6 posts tagged with nationalpark.
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A beauty in South Asia

Band-e-Amir is Afghanistan's first national park, struggling to keep tourists visiting its beautiful mountains and lakes.
posted by Brandon Blatcher on Oct 24, 2012 - 28 comments

"You've got another tortoise that's so small, it's vanished?"

In 1962, Yorkshire man Brendon Grimshaw bought the island of Moyenne in the middle of the Indian Ocean for £8000. He has since dedicated his life to turning it into a tropical paradise; including planting over sixteen thousand trees, building nearly five kilometers for nature paths, and reintroducing over 100 land tortoises. It's now the world's smallest National Park. [more inside]
posted by quin on May 7, 2012 - 27 comments

Watch out for falling icicles, Helvetica Man!

Symbolic Gestures. How, exactly, does a simple picture go about telling you, "Be careful here. It's cold, and sometimes ice forms on the roof, and it can fall off, and it can be sharp, and that can hurt you"? Inspired by the upcoming Ken Burns documentary, The National Parks: America's Best Idea, Jesse Smith of The Smart Set examines the pictograph designs that convey important information to park visitors. [more inside]
posted by amyms on Jul 31, 2009 - 35 comments

The Spanish Missions of San Antonio

Everyone knows about The Alamo, (previously) but perhaps you didn't know that San Antonio has the largest concentration of Spanish Missions in the United States. Known collectively as "The San Antonio Missions," they are now part of the National Park System (map). The other four south of the Alamo are respectively, Mission Concepción, (which stands as it was built in 1755 and is the oldest unrestored church in America) and the restored Mission San Jose, Mission San Juan Capistrano and Mission Espada, (warning: some of QTVR links will resize browser) as well as a length of the Acacia system that is still used for irrigation today. The four churches also house active parishes which operate independently from the NPS. [more inside]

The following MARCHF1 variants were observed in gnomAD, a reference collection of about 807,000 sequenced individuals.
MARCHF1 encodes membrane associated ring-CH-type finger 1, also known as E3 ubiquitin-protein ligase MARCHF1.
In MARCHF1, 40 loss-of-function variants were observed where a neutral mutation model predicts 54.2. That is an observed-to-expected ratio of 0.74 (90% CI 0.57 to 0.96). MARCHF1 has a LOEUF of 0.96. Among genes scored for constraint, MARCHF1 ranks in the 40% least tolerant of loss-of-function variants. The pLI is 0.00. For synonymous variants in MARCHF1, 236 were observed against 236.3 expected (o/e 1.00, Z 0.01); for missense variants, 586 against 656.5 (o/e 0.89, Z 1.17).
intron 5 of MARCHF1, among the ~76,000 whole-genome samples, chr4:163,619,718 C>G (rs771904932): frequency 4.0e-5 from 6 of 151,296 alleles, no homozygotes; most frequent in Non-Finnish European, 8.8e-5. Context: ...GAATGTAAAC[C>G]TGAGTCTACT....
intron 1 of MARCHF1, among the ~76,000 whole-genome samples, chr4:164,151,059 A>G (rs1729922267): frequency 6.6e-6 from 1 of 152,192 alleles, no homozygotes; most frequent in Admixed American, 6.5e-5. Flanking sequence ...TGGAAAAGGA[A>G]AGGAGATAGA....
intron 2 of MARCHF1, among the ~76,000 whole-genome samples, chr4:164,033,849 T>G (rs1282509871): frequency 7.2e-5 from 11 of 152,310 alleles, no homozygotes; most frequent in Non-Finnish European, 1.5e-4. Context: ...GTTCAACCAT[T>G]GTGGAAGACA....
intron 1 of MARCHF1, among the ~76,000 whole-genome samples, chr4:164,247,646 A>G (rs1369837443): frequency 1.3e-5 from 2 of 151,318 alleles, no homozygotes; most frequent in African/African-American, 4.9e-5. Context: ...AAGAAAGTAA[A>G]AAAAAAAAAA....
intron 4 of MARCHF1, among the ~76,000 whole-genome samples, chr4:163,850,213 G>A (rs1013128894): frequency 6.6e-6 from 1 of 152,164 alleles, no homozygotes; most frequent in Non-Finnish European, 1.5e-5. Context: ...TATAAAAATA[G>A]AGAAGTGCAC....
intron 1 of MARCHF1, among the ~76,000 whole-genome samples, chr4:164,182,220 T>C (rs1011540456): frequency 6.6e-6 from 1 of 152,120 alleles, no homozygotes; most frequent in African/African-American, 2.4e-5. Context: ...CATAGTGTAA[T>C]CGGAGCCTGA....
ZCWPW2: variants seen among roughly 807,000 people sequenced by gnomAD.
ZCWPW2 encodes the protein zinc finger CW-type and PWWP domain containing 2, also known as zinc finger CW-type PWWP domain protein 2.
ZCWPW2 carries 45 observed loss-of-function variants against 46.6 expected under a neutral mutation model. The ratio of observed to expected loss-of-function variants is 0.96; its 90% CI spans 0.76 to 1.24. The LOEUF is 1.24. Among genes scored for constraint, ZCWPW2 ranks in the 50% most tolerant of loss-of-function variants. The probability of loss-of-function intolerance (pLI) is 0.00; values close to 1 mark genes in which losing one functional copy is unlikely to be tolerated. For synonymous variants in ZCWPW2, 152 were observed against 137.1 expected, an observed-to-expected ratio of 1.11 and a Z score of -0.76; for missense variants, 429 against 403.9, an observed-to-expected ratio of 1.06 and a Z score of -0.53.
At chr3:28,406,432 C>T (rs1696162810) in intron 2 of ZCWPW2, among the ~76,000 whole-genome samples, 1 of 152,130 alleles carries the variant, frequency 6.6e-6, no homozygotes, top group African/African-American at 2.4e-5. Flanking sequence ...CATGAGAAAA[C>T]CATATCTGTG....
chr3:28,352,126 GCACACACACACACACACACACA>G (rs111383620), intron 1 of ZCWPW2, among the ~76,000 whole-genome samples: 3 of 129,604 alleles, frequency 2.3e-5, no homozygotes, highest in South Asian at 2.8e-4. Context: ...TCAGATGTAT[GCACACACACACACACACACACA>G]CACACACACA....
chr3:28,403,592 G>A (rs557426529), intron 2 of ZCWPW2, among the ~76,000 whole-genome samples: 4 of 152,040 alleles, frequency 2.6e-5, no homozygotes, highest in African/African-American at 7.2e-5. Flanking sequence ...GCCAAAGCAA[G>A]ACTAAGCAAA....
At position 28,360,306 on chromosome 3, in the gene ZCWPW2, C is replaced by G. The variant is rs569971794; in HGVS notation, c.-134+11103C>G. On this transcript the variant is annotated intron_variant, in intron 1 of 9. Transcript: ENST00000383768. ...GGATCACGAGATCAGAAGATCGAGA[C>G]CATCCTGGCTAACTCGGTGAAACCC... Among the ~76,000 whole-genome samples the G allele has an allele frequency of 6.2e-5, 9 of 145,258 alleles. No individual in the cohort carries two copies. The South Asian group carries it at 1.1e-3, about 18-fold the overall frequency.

posted by Devils Rancher on Jan 15, 2009 - 22 comments

Hazation without representation.

The unprecedented slaughter of over 1600 of Yellowstone's bison this winter (resulting in a 50% decrease in the overall size of the herd) will go down as the largest wild bison kill since the 19th century. Despite vehement protests and bold acts of civil disobedience instigated by the Buffalo Field Campaign, the slaughter will continue according to the tax-payer supported Bison Interagency Plan - the goal of the plan being to prevent economic losses from the unlikely spread of brucellosis (a cattle disease) from Yellowstone bison into Montana and Wyoming's livestock. TERRA aired a gripping three-part 'fly-on-the-wall' film series chronicling the story: ONE, TWO, THREE. [more inside]
posted by huckhound on May 9, 2008 - 39 comments

Big Wood

Sequoiadendron giganteum, the giant sequoia, is arguably the largest living thing on earth. The second largest specimen, the Washington Tree, has recently been getting shorter. It's top was discovered to be hollow in 1999--a researcher rappeled over 100 feet into the trunk--which is why its been vulnerable to fire and storms in recent years. The before and after pictures show its transformation from a tree into, well, a great big stump. But don't count it out just yet. Scientists think this old bugger may bounce back. Still, it's probably time for a visit, don't you think?
posted by donovan on Feb 25, 2005 - 8 comments

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